from page 269-270, volume 2 of original text
collage, graphite, ink
Pevear/Volokhonsky translation page 818
Section XXXIX of Volume III opens with an odd calm that adds to the horror of Tolstoy's description of fields in the aftermath of battle:
"Several tens of thousands of men lay dead in various positions and uniforms in the fields and meadows that belonged to the Davydov family and to crown peasants, on fields and meadows where for hundreds of years peasants of the villages of Borodino, Gorki, Shevardino, and Semyonovskoe had at the same time gathered crops and pastured cattle. At the dressing stations, the grass and soil were soaked with blood over the space of three acres.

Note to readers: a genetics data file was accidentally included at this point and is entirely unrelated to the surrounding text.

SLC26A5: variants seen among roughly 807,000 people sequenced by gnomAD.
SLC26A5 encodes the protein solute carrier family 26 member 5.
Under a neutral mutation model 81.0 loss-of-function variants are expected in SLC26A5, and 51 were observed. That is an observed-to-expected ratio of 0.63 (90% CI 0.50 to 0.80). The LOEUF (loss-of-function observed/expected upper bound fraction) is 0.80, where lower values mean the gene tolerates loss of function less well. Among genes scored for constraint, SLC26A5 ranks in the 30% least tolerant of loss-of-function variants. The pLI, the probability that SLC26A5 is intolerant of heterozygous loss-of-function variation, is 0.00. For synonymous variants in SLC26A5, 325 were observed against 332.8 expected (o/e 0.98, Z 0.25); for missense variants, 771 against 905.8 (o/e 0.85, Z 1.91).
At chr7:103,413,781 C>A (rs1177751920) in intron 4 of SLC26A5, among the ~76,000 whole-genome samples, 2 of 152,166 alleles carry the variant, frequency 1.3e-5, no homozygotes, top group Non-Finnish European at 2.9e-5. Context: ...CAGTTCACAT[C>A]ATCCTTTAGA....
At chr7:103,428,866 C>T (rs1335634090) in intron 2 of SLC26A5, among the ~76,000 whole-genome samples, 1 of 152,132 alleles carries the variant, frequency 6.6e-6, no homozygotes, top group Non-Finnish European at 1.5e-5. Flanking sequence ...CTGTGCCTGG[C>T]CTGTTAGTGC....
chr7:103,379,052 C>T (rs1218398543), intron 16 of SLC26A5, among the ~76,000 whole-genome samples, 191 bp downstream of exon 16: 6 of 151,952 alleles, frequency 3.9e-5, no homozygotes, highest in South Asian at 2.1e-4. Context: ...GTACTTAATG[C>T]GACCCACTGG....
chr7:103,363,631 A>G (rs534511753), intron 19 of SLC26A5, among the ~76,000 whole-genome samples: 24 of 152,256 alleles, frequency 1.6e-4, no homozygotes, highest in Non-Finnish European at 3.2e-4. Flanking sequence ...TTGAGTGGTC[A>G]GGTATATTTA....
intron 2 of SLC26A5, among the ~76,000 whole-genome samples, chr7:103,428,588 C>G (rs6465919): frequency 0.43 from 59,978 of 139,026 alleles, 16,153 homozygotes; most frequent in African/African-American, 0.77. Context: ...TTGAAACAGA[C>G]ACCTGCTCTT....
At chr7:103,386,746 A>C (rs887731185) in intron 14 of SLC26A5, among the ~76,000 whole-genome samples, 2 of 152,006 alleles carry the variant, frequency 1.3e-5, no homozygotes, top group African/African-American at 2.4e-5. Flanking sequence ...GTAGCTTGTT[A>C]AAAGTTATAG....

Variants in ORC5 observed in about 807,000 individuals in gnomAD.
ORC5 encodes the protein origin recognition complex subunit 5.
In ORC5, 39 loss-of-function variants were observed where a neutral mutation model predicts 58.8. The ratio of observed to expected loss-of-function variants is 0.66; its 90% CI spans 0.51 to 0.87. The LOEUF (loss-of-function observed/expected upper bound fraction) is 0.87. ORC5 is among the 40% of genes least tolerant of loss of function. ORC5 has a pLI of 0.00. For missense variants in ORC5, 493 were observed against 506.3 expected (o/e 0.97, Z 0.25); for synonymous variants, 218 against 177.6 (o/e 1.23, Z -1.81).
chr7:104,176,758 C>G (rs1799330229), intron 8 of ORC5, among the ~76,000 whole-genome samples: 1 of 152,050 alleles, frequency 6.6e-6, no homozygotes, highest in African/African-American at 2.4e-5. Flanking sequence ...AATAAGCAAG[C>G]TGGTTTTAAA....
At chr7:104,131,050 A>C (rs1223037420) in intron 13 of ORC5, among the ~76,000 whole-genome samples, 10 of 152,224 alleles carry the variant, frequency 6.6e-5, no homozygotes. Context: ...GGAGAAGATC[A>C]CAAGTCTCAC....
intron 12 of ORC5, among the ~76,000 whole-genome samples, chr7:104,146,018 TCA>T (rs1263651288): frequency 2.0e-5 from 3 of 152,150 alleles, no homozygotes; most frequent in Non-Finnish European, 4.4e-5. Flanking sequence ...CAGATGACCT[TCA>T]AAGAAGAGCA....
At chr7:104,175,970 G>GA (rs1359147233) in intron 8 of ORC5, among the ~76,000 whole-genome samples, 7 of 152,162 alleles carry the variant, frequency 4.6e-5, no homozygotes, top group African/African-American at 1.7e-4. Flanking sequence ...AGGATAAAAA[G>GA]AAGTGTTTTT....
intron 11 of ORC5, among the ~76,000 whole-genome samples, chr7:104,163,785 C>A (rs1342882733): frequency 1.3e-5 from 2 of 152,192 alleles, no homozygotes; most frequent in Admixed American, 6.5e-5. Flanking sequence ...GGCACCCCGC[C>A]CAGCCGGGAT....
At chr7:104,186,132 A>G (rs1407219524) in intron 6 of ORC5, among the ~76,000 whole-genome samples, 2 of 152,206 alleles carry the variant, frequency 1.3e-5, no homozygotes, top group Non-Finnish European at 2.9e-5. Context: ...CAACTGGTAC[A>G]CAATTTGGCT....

"...Small clouds gathered and rain began to sprinkle on the dead, the wounded, the frightened, and on the exhuasted, and on the doubtful men. It was as if it were saying: 'Enough, enough, men. Stop now ...Come to your senses. What are you doing?'
"Exhausted men on both sides, without food and rest, began alike to doubt whether they had to go on exterminating each other, hesitation was seen on all faces, and in every soul alike the question arose: 'Why, for whom, should I kill and be killed?'"
Perhaps every soldier has asked him or herself this question. I hope so. It seems to me to be a question that leads toward peace.